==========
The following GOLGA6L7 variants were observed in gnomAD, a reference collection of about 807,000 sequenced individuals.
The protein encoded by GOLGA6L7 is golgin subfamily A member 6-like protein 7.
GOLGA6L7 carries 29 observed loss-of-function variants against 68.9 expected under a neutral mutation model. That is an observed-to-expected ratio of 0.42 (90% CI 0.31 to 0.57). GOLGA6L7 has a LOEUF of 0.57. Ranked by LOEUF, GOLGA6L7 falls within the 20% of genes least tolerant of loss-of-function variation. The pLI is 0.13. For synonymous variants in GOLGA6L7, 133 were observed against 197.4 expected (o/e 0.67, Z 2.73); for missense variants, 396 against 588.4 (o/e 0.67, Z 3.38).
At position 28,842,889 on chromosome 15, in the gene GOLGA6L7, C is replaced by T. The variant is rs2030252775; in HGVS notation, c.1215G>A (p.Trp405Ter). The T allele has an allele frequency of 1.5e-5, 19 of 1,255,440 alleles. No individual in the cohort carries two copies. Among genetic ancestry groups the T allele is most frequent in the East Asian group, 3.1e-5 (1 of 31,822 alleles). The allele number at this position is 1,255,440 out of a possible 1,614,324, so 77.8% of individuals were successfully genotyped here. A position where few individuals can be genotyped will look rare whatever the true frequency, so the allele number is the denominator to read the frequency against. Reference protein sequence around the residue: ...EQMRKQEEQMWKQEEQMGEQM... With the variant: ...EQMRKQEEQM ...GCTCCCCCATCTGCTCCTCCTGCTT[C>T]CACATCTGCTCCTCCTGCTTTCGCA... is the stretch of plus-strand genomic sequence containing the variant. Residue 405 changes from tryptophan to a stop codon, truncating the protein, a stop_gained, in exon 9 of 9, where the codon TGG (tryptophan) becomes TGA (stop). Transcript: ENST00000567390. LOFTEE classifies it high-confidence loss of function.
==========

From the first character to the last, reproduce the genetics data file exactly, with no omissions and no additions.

The following GOLGA6L7 variants were observed in gnomAD, a reference collection of about 807,000 sequenced individuals.
The protein encoded by GOLGA6L7 is golgin subfamily A member 6-like protein 7.
GOLGA6L7 carries 29 observed loss-of-function variants against 68.9 expected under a neutral mutation model. That is an observed-to-expected ratio of 0.42 (90% CI 0.31 to 0.57). GOLGA6L7 has a LOEUF of 0.57. Ranked by LOEUF, GOLGA6L7 falls within the 20% of genes least tolerant of loss-of-function variation. The pLI is 0.13. For synonymous variants in GOLGA6L7, 133 were observed against 197.4 expected (o/e 0.67, Z 2.73); for missense variants, 396 against 588.4 (o/e 0.67, Z 3.38).
At position 28,842,889 on chromosome 15, in the gene GOLGA6L7, C is replaced by T. The variant is rs2030252775; in HGVS notation, c.1215G>A (p.Trp405Ter). The T allele has an allele frequency of 1.5e-5, 19 of 1,255,440 alleles. No individual in the cohort carries two copies. Among genetic ancestry groups the T allele is most frequent in the East Asian group, 3.1e-5 (1 of 31,822 alleles). The allele number at this position is 1,255,440 out of a possible 1,614,324, so 77.8% of individuals were successfully genotyped here. A position where few individuals can be genotyped will look rare whatever the true frequency, so the allele number is the denominator to read the frequency against. Reference protein sequence around the residue: ...EQMRKQEEQMWKQEEQMGEQM... With the variant: ...EQMRKQEEQM ...GCTCCCCCATCTGCTCCTCCTGCTT[C>T]CACATCTGCTCCTCCTGCTTTCGCA... is the stretch of plus-strand genomic sequence containing the variant. Residue 405 changes from tryptophan to a stop codon, truncating the protein, a stop_gained, in exon 9 of 9, where the codon TGG (tryptophan) becomes TGA (stop). Transcript: ENST00000567390. LOFTEE classifies it high-confidence loss of function.